He was followed by Dr. Keith Robinson, Corps Commander of the Houston Regional Community Chaplain's Corps., and Vice President of USAfrica -- since 1993 -- who read the 2012 theme verse from 2 Chronicles 7:14 "If my people, who are called by my name, will humble themselves and pray and seek my face and turn from their wicked ways, then will I hear from heaven and will forgive their sin and will heal their land."

Chido followed by calling for "a minute of silence in honor of a strong, departed christian soldier, the former President of the defunct Republic of Biafra, Ikemba Emeka Odumegwu Ojukwu; and for all the faithfuls who have been killed during the recent bombings and violence inside Nigeria, other parts of Africa and here in the U.S…."
After the congregation honored the memories of the departed, four songs for Prayers were sang, movingly, by Rev. Ohaju as a lead into the handling of the Prayer Requests session effectively led by Evangelist Nathaniel Nwobu of the African Missionary Foundation. It involved all the clergy/priests in attendance, including Rev. Canon S. Omeke, Rev. Aluu Nnali, Bishop Leo Emenaha, Pastor Christy Ogbeide, Mrs. Nonye Onuogu, Pastor Ify Ezeakor, and Pastor Torti.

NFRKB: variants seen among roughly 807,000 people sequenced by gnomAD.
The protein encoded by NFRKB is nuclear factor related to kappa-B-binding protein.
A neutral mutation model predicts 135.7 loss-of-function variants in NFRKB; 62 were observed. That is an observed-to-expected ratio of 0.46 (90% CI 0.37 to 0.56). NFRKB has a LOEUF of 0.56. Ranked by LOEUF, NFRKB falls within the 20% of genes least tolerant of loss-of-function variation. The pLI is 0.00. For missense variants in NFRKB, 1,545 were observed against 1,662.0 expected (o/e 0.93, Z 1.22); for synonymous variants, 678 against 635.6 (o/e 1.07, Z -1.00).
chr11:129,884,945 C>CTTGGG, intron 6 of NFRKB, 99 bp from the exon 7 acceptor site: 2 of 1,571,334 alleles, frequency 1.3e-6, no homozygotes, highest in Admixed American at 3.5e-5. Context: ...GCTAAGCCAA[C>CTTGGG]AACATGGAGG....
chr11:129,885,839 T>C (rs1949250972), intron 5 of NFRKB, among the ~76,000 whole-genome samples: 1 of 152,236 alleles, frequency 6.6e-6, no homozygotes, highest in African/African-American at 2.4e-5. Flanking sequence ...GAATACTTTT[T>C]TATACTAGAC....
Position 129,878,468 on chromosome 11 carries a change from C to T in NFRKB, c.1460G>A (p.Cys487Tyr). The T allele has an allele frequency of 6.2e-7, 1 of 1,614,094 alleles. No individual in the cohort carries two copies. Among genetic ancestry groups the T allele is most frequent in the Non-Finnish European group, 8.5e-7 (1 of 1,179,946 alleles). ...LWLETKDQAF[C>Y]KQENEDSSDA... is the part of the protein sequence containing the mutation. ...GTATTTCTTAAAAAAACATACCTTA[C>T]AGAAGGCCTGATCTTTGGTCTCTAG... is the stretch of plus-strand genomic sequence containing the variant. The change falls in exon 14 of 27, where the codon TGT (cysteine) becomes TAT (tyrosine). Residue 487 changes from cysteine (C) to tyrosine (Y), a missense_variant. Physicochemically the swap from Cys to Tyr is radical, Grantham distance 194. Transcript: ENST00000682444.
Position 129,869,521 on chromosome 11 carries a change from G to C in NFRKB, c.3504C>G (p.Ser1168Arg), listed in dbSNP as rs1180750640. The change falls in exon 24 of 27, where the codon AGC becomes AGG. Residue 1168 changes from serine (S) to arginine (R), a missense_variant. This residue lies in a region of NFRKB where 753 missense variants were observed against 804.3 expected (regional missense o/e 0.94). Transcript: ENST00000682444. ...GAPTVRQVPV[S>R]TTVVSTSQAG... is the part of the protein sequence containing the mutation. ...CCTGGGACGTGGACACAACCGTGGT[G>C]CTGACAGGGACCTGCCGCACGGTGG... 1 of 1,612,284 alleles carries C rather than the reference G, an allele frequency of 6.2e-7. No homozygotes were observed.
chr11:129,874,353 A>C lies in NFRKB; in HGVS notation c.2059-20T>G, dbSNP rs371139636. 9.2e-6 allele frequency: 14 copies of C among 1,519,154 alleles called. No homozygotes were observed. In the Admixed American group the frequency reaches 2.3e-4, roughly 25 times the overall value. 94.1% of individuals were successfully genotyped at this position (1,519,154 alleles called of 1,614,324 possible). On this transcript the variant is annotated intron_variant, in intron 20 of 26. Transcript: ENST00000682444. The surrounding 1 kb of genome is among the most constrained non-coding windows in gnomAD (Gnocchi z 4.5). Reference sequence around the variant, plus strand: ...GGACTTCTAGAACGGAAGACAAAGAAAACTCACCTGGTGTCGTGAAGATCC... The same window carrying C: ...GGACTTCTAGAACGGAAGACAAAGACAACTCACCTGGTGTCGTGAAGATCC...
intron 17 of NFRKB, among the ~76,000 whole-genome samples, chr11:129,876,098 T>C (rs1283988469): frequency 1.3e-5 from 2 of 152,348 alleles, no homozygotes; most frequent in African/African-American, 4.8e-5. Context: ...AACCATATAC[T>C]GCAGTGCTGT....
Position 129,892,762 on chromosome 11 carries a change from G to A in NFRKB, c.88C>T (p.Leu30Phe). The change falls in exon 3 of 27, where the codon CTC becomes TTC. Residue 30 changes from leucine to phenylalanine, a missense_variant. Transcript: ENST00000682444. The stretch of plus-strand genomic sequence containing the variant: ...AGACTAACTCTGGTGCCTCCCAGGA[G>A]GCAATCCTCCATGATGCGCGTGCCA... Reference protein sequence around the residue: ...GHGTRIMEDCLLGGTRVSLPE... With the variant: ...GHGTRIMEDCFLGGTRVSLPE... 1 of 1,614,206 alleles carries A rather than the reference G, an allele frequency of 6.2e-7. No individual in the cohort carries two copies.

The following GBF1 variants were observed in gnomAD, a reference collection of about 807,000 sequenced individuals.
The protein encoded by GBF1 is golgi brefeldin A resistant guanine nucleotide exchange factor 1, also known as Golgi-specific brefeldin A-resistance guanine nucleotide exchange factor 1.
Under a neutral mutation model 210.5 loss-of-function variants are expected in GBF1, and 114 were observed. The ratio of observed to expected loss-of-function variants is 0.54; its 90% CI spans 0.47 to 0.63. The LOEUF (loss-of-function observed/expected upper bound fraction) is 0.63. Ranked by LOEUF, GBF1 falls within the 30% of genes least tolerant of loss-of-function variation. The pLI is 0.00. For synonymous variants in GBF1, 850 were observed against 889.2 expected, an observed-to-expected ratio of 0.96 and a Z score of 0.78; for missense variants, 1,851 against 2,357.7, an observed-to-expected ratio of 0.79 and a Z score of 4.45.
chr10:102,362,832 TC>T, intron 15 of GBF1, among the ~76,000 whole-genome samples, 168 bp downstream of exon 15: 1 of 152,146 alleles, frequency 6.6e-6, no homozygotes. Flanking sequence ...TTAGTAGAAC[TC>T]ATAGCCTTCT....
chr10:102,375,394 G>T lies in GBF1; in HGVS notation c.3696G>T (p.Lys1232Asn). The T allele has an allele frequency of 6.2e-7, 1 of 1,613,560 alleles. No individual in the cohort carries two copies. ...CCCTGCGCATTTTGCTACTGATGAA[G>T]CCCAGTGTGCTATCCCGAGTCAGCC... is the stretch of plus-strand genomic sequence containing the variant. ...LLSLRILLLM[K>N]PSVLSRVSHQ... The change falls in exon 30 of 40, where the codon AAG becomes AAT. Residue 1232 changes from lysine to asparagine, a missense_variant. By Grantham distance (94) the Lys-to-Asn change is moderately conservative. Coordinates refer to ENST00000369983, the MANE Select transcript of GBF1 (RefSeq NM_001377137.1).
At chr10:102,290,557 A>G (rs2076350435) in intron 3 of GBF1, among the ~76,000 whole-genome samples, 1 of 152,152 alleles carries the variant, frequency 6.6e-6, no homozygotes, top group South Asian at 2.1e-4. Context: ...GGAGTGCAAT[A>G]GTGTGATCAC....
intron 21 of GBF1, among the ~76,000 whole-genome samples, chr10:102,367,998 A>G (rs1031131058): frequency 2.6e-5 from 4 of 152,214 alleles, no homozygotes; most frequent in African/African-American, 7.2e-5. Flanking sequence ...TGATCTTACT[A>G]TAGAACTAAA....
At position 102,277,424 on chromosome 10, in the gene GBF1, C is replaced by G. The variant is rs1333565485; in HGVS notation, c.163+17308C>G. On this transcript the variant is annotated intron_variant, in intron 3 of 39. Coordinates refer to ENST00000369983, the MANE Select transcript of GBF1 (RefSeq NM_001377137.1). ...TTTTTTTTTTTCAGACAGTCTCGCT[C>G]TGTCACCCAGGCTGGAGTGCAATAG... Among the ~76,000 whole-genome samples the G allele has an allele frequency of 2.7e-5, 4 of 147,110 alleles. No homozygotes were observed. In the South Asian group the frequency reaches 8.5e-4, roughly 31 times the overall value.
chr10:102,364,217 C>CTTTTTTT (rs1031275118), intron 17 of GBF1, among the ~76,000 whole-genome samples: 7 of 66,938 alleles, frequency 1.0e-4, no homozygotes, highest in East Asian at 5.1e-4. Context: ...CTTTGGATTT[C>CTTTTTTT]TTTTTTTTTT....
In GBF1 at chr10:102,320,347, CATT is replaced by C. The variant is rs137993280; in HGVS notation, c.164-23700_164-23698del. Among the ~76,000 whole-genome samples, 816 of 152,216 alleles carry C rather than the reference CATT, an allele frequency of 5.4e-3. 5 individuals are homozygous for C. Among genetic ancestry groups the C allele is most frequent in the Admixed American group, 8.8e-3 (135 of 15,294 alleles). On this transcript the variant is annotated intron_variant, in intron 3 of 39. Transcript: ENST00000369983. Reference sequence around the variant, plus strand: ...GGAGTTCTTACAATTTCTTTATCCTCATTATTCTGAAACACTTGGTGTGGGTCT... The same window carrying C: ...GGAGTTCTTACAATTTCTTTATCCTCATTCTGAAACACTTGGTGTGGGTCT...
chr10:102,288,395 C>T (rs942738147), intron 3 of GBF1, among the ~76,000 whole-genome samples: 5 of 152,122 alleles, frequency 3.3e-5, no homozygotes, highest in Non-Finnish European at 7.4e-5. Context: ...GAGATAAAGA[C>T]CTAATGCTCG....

Ben Meremikwu, president of the African Christian Fellowship Houston was in attendance; as was Dr. Gabe Nwuba, briefly.

After the prayer requests were handled, Ivy Okoro beautifully sang an acapella version of William McDowell's hit gospel song "I give myself away."

The closing prayer was made by Pastor Christy Ogbeide, a missionary worker in both the U.S and Nigeria who pleaded for God's blessings on all. She has attended 11 of the 13 annual USAfrica Prayer Breakfast events.

The 2012 master of ceremonies was Sam Ejekam, while Ada Uwalaka, Lady Ngozi Ezeji, Chioma Ibe, Okoro Oji, Raymond Ahaiwe, Eni and Oji Okoro-Oji were facilitators at the Saturday January 28 events.
The pictures of the event are already on the African diaspora's events mega-site www.PhotoWorks.TV